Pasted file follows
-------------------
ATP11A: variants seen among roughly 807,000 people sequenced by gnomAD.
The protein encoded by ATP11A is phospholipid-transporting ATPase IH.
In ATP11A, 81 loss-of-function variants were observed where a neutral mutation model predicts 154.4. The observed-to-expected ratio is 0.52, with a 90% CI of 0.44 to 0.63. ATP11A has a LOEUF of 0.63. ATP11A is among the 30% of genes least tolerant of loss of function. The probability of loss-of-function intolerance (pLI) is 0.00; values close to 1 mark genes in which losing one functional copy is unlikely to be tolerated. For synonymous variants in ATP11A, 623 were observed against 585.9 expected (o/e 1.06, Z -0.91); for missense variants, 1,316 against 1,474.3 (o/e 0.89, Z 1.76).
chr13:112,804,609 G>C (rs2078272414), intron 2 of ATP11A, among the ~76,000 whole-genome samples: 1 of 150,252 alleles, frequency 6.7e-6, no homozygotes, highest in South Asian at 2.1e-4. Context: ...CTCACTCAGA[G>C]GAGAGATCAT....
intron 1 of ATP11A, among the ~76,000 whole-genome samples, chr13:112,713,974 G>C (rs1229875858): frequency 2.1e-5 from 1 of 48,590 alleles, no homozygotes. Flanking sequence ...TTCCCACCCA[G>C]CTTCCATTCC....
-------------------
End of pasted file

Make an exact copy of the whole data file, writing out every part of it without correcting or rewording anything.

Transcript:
ATP11A: variants seen among roughly 807,000 people sequenced by gnomAD.
The protein encoded by ATP11A is phospholipid-transporting ATPase IH.
In ATP11A, 81 loss-of-function variants were observed where a neutral mutation model predicts 154.4. The observed-to-expected ratio is 0.52, with a 90% CI of 0.44 to 0.63. ATP11A has a LOEUF of 0.63. ATP11A is among the 30% of genes least tolerant of loss of function. The probability of loss-of-function intolerance (pLI) is 0.00; values close to 1 mark genes in which losing one functional copy is unlikely to be tolerated. For synonymous variants in ATP11A, 623 were observed against 585.9 expected (o/e 1.06, Z -0.91); for missense variants, 1,316 against 1,474.3 (o/e 0.89, Z 1.76).
chr13:112,804,609 G>C (rs2078272414), intron 2 of ATP11A, among the ~76,000 whole-genome samples: 1 of 150,252 alleles, frequency 6.7e-6, no homozygotes, highest in South Asian at 2.1e-4. Context: ...CTCACTCAGA[G>C]GAGAGATCAT....
intron 1 of ATP11A, among the ~76,000 whole-genome samples, chr13:112,713,974 G>C (rs1229875858): frequency 2.1e-5 from 1 of 48,590 alleles, no homozygotes. Flanking sequence ...TTCCCACCCA[G>C]CTTCCATTCC....